In the spirit of the month of Adar, which will bring us good, I want to tell you about one small miracle which occurred from heaven, followed by a long path, paved with good deeds in Heaven's name.
On October 23, 2012, a year and four months ago, when I was laying profusely bleeding near the Maarechet Fence in Gaza, with both my arms almost completely disconnected from my body, I felt my strength ebbing.
Human strength with which I was familiar until then, left me. Today, when I look back, it is clear to me that only heavenly intervention helped me to get up, holding my amputated left arm with the remnants of my right arm, and to run about 250 meters towards my men behind me. It was a seemingly unending journey, with my mind engulfed in thoughts, including thoughts of the world to come...
In truth, I can say that I hadn't anticipated such strength. This power came to me with much aid from heaven, strength that has accompanied me, so I believe, till today!
I was first acquainted with Chabad when Rabbi Menachem Kutner, a Chabad emissary and Director of Chabad Terror Victims Project (CTVP), came to visit me in the hospital after I was wounded. He came to encourage me and my family in those most difficult moments.
Before the injury, I hadn't even known that Chabad Shluchim take part in the treatment and care in such situations. I thought they spread their ideas and cared for those connected to them. I was so happy to find out that there is more to their work.
Menachem was with me and my family, and with many more wounded soldiers, during our most difficult and complex times as we fought our way back to life. Without these good people, it would have been hard, or nearly impossible, to climb back.
After I had recovered a little, I went on a trip to New York with a delegation organized by Chabad Shluchim especially for us - for wounded soldiers and those injured in terror attacks. It was there that I discovered the wonderful world of Chabad and the extraordinary leadership of the Rebbe. It was then that I realized where Chabad Shluchim receive their instructions to help all Jews!
The Rebbe was a "quiet leader," as we would call it in the military. A leader with a lot of charisma so that people saw him as the leader that he was. But also a leader with humility and modesty who paid individual attention to each person. And that's what captured my heart.
The Rebbe called the IDF disabled - "the excellent of the IDF." He knew they had the responsibility for taking on the defense of Jewish citizens of Israel and how incredibly important that was. He did not call them disabled, but rather excellent!
My personal experience with the Rebbe was at the Ohel, his resting place. I asked the Rebbe from the bottom of my heart to send me a sign that my right hand will be healthy and that my mother will live.
I did receive from the Rebbe an answer and blessing in the following awesome sign: In the Psalm that I said at the Ohel, the word "hand" appeared three times. This gave me a lot of strength.
On Chanuka, Menachem visited me again at Tel Hashomer rehabilitation center after I had a very complex operation. I know and am certain that because of the Rebbe's blessings, I was able to light a Chanuka candle using my wounded hand!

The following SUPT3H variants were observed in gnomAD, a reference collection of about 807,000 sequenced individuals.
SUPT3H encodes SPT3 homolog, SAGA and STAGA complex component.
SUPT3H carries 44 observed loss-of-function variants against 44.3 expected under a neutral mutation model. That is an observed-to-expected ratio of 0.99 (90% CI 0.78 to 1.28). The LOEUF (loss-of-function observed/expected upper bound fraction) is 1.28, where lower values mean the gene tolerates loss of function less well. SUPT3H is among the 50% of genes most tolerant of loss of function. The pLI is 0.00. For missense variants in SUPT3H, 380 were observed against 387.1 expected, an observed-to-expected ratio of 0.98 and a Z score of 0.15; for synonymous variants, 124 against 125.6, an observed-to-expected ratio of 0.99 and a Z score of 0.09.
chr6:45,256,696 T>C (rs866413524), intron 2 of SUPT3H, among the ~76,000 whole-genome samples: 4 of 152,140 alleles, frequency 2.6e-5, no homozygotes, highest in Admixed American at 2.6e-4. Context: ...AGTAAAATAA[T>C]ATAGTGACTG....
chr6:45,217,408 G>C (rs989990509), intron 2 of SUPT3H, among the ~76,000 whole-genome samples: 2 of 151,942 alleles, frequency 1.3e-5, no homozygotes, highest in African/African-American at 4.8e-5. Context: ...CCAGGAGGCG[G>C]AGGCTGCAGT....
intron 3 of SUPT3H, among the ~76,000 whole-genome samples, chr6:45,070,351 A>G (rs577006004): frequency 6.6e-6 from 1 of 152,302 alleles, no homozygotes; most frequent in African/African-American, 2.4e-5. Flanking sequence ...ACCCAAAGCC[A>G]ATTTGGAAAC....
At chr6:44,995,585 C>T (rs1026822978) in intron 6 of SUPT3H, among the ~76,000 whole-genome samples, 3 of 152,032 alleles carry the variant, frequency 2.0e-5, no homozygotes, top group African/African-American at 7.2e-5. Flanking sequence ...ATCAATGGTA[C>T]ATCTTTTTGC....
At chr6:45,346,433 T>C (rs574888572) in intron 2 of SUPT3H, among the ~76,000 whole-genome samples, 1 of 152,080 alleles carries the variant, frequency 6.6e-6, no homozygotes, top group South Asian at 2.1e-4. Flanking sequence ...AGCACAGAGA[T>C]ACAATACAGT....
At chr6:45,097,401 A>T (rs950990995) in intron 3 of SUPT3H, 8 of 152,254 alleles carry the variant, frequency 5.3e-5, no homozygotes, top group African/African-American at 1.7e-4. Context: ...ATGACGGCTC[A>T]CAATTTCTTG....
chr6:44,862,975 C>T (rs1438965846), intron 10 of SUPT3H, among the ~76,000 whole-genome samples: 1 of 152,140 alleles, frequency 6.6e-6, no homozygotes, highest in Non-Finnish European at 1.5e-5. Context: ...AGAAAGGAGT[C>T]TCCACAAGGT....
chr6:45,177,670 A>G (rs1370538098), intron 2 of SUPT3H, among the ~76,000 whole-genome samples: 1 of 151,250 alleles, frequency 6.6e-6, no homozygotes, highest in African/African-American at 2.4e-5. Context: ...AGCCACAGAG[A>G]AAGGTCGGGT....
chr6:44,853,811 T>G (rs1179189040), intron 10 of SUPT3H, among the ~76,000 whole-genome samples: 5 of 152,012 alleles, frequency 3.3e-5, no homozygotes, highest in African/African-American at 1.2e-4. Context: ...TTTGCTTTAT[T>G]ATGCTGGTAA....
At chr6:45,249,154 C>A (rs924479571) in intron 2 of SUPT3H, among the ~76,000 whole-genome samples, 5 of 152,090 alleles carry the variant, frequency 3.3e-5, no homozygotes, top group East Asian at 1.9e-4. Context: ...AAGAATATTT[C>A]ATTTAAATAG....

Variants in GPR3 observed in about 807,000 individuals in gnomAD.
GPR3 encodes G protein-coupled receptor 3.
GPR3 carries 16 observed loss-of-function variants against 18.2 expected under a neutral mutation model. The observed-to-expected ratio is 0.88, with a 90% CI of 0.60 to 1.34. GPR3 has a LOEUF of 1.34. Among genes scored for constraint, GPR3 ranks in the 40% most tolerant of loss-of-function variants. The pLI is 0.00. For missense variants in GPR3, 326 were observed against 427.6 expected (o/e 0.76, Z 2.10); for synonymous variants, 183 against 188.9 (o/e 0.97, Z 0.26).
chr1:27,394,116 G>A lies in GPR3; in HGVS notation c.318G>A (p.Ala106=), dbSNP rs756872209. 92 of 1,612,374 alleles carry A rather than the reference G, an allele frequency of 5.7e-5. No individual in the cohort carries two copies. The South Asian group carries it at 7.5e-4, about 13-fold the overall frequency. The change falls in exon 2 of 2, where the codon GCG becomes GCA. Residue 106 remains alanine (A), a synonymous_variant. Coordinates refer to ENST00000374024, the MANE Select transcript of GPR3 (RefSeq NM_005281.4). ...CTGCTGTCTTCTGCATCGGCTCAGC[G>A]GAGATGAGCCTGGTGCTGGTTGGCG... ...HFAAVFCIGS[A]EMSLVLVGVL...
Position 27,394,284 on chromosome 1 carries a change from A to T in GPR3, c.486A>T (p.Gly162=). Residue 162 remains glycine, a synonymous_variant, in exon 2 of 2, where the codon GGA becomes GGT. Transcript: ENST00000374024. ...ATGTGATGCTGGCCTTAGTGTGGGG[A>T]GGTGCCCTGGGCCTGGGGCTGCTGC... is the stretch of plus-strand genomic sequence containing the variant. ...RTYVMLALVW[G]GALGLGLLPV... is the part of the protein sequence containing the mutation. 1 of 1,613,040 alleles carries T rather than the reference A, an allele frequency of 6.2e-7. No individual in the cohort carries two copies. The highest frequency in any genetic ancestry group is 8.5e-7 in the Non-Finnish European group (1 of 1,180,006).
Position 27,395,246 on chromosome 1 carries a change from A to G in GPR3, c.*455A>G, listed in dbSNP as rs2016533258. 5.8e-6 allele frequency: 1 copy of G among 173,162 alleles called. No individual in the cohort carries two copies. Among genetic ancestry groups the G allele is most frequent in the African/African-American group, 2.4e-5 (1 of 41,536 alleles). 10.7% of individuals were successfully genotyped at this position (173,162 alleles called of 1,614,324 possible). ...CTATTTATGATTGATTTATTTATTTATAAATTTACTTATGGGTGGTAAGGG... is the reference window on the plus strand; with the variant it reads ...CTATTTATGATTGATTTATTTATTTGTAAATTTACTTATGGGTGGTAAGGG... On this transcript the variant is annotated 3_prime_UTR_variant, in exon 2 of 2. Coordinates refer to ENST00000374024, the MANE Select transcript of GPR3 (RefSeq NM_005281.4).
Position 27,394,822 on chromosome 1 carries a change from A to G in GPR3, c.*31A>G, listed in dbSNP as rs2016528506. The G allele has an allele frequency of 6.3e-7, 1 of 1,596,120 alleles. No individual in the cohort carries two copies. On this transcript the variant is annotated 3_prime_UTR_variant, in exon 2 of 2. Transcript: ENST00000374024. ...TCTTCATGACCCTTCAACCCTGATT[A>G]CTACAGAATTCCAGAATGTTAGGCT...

As a believer, but not defined as religious, I was enthralled by the ability of Chabad Shluchim to provide "a moment of rest" during the constant struggle of rehabilitation and healing. The amazing experiences we have are products of the hard work of the Shluchim, which, without question, lift the atmosphere and spirits of wounded soldiers!
Everyone knows that the Shluchim are everywhere around the world. They give every Jew a place to go during times of joy as well as in times of trouble. They provide small moments of "Jewish magic" for Jews in places far from home.
But I learned that here in Israel, close to home, the Chabad Shluchim like Menachem provide so much warmth and light, and such helping hands here.
I find much similarity in the life of a Chabad Shaliach with the life of an army person in Israel. They both dedicate their time and their family life to the most important things - the benefit of our Jewish family wherever they are.
The soldier does so with the strength of the sword, and the Shaliach with the strength of the Holy Torah. And it is known that the sword is likened to the Torah. Our strength as a Jewish nation will never be whole if we give up on either one of them!
Even during the densest fighting, our soldiers find the time to don Tefilin and strengthen their arms for the next battle.
Tonight I can state that I will do all in my power to return and fight to preserve Israel's boundaries. I'll do so with the help of prayers and the support along the way, from Jews like you, the Chabad Shluchim.
I'll be able, with G-d's help, to rehabilitate my right arm and return to the front with my dear soldiers, to watch and secure, so that absolutely no one will be able to threaten the existence of the Jewish nation.
The Chabad Shluchim are already planning to flood the country with Mishloach Manot (holiday food gifts) and the joy of Purim. They will go to hospitals, to the elderly and the weak, to victims of terror, to widows and orphans of IDF soldiers, and to the soldiers defending the nation and Land of Israel.
Even the most difficult of our foes, upon seeing the nation of Israel united, won't be able to stand against us! The unity of the nation is our greatest goal, as the Rebbe also discussed.
I salute you, the Chabad Shluchim, for your activities that you carry out with your whole heart and I bless all the wonderful friends of Chabad, for this marvelous partnership. Thank you all very much.
Rabbi Shlomy and Chaya Levertov have opened a new Chabad Center - Chabad of Paradise Valley, Arizona. Their first community-wide event will be a Shabbat dinner on March 14.
Rabbi Moshe and Aidela Pape are opening a new Chabad Center in New Rochelle, New York. They will be focusing on building an adult education network and other programs.
Rabbi Shmuli and Malky Zejger arrived from Israel in Kiev, Ukraine, where Rabbi Zejger will work with youth, and Mrs. Zejger will serve as principal in Chabad's Or Avner Jewish Day School.
In "It Happened Once" in issue 1308, the rabbi in the story was incorrectly identified as Rabbi Yeshayahu Halevi Horowitz (the Shaloh).
Freely translated and adapted
Erev Rosh Chodesh Adar 1, 5733 (1973)